Tobias, Sheila, Daryl E. Chubin, and Kevin Aylesworth 1995 Rethinking Science as a Career: Perceptions and Realities in the Physical Sciences. Tucson, AZ: Research Corp. The authors examine career opportunities for scientists in the nonacademic sectors of society, and contend that "the nation needs a broad spectrum of professionals whose preparation includes a sound education in science."


University of Texas at Dallas 1995 The Problem Solvers. Doctor of Chemistry Program, University of Texas at Dallas.


Weisbrod, Glen, and Karen Hamilton 1994 Globalization of Technology and the Economy: Implications for Mechanical Engineers: A Report on the Profession's External Environment . New York: Committee on Issues Identification, American Society of Mechanical Engineers. Contains an interesting section on new technologies and business priorities, including energy generation, industrial energy efficiency, and transportation.

Suggested Citation:"BIBLIOGRAPHY." Institute of Medicine, National Academy of Sciences, and National Academy of Engineering. 1996. Careers in Science and Engineering: A Student Planning Guide to Grad School and Beyond. Washington, DC: The National Academies Press. doi: 10.17226/5129.
×
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Suggested Citation:"BIBLIOGRAPHY." Institute of Medicine, National Academy of Sciences, and National Academy of Engineering. 1996. Careers in Science and Engineering: A Student Planning Guide to Grad School and Beyond. Washington, DC: The National Academies Press. doi: 10.17226/5129.
×
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Suggested Citation:"BIBLIOGRAPHY." Institute of Medicine, National Academy of Sciences, and National Academy of Engineering. 1996. Careers in Science and Engineering: A Student Planning Guide to Grad School and Beyond. Washington, DC: The National Academies Press. doi: 10.17226/5129.
×
Page 114
Suggested Citation:"BIBLIOGRAPHY." Institute of Medicine, National Academy of Sciences, and National Academy of Engineering. 1996. Careers in Science and Engineering: A Student Planning Guide to Grad School and Beyond. Washington, DC: The National Academies Press. doi: 10.17226/5129.
×
Page 115
Suggested Citation:"BIBLIOGRAPHY." Institute of Medicine, National Academy of Sciences, and National Academy of Engineering. 1996. Careers in Science and Engineering: A Student Planning Guide to Grad School and Beyond. Washington, DC: The National Academies Press. doi: 10.17226/5129.
×
Page 116
Suggested Citation:"BIBLIOGRAPHY." Institute of Medicine, National Academy of Sciences, and National Academy of Engineering. 1996. Careers in Science and Engineering: A Student Planning Guide to Grad School and Beyond. Washington, DC: The National Academies Press. doi: 10.17226/5129.
×
Page 117
Suggested Citation:"BIBLIOGRAPHY." Institute of Medicine, National Academy of Sciences, and National Academy of Engineering. 1996. Careers in Science and Engineering: A Student Planning Guide to Grad School and Beyond. Washington, DC: The National Academies Press. doi: 10.17226/5129.
×
Page 118
Suggested Citation:"BIBLIOGRAPHY." Institute of Medicine, National Academy of Sciences, and National Academy of Engineering. 1996. Careers in Science and Engineering: A Student Planning Guide to Grad School and Beyond. Washington, DC: The National Academies Press. doi: 10.17226/5129.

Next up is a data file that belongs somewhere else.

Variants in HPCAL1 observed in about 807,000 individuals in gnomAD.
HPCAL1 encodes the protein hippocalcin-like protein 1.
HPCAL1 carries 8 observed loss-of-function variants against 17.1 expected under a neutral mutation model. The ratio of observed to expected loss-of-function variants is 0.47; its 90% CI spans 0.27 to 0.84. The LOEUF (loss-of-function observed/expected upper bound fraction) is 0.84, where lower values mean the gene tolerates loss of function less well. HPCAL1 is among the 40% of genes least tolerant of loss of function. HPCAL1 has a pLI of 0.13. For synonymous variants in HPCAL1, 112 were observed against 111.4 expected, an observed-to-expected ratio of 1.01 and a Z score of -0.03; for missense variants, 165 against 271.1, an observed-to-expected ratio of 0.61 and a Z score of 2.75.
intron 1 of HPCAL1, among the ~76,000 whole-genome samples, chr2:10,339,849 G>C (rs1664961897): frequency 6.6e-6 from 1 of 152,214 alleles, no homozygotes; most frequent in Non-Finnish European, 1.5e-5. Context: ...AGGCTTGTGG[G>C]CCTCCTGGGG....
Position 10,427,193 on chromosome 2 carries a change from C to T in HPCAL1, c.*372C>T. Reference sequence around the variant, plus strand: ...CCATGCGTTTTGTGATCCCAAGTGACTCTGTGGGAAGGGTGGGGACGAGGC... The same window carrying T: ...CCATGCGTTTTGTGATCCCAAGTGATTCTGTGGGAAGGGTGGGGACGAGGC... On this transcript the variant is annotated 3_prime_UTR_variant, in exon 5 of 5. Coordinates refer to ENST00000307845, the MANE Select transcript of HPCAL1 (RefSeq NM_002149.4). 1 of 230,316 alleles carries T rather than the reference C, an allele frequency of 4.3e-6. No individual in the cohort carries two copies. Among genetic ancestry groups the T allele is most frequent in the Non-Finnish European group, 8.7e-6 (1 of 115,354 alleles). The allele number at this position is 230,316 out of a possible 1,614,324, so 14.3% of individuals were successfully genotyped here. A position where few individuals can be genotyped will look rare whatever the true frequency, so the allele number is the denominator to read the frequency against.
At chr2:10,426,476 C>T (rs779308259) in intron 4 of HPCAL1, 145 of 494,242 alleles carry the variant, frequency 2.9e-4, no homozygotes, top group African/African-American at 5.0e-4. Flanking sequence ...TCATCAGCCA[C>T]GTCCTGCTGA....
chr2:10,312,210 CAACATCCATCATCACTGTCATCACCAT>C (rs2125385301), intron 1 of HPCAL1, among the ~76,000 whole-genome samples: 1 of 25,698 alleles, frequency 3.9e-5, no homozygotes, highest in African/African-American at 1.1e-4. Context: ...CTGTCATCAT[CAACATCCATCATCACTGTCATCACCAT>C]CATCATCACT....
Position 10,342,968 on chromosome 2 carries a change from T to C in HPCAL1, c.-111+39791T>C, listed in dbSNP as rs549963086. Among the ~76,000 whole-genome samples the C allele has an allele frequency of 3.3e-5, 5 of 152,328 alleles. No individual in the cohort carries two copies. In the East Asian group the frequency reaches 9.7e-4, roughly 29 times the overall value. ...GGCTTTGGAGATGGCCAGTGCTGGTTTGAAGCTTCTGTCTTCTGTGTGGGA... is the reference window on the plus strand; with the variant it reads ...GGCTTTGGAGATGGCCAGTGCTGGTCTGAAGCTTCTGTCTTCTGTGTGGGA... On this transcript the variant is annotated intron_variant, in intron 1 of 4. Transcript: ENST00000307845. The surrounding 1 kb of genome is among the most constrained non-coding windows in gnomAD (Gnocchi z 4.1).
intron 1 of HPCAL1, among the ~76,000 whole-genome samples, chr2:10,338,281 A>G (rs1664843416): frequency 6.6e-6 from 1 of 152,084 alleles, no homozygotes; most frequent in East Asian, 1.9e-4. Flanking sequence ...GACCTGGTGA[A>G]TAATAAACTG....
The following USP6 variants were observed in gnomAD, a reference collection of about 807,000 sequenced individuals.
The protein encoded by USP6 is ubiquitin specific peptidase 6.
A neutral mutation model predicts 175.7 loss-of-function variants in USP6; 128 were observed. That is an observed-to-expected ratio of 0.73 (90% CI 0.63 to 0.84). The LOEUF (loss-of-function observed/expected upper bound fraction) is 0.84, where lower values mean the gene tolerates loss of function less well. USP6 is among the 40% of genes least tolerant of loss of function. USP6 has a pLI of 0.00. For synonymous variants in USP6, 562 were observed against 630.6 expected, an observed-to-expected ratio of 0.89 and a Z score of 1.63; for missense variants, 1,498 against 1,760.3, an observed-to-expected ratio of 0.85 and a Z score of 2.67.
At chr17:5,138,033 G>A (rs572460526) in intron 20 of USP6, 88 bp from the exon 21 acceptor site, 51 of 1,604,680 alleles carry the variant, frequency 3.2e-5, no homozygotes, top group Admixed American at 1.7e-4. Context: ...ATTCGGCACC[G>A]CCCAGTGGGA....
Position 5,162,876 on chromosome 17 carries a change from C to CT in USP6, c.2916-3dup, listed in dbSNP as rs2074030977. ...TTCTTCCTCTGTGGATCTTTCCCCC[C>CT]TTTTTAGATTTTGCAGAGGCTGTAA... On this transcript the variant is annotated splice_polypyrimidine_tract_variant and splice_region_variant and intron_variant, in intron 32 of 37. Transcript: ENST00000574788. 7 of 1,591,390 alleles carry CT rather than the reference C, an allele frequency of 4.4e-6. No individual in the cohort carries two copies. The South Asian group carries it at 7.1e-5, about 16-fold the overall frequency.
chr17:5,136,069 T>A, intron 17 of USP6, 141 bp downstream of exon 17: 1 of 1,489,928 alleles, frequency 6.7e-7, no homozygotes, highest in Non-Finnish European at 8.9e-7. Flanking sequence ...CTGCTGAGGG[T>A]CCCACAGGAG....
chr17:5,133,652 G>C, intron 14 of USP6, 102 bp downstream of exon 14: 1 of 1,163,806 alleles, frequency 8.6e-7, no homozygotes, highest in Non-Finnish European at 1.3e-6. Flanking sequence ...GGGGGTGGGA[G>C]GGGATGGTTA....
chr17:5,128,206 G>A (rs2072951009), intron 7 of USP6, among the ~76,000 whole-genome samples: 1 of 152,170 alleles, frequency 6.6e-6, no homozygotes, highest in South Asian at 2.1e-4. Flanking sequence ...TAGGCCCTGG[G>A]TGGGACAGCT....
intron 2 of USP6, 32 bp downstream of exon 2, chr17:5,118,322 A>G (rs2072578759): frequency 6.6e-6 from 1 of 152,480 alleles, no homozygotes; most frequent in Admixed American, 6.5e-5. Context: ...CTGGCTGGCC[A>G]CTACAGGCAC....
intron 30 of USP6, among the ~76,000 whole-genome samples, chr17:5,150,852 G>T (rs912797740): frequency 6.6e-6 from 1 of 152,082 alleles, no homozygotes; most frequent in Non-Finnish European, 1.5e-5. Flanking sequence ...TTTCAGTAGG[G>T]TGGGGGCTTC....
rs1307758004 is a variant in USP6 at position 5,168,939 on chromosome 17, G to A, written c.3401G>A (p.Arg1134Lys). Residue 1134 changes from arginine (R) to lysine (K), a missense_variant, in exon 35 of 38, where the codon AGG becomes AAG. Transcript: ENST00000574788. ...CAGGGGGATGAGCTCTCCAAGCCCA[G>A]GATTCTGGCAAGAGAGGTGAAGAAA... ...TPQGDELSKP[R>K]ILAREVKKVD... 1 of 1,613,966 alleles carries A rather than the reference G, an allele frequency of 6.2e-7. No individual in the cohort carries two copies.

×
Page 119
Suggested Citation:"BIBLIOGRAPHY." Institute of Medicine, National Academy of Sciences, and National Academy of Engineering. 1996. Careers in Science and Engineering: A Student Planning Guide to Grad School and Beyond. Washington, DC: The National Academies Press. doi: 10.17226/5129.
×
Page 120
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As science and technology advance, the needs of employers change, and these changes continually reshape the job market for scientists and engineers. Such shifts present challenges for students as they struggle to make well-informed education and career choices. Careers in Science and Engineering offers guidance to students on planning careers--particularly careers in nonacademic settings--and acquiring the education necessary to attain career goals. This booklet is designed for graduate science and engineering students currently in or soon to graduate from a university, as well as undergraduates in their third or fourth year of study who are deciding whether or not to pursue graduate education. The content has been reviewed by a number of student focus groups and an advisory committee that included students and representatives of several disciplinary societies. Careers in Science and Engineering offers advice on not only surviving but also enjoying a science- or engineering-related education and career-- how to find out about possible careers to pursue, choose a graduate school, select a research project, work with advisers, balance breadth against specialization, obtain funding, evaluate postdoctoral appointments, build skills, and more. Throughout, Careers in Science and Engineering lists resources and suggests people to interview in order to gather the information and insights needed to make good education and career choices. The booklet also offers profiles of science and engineering professionals in a variety of careers. Careers in Science and Engineering will be important to undergraduate and graduate students who have decided to pursue a career in science and engineering or related areas. It will also be of interest to faculty, counselors, and education administrators.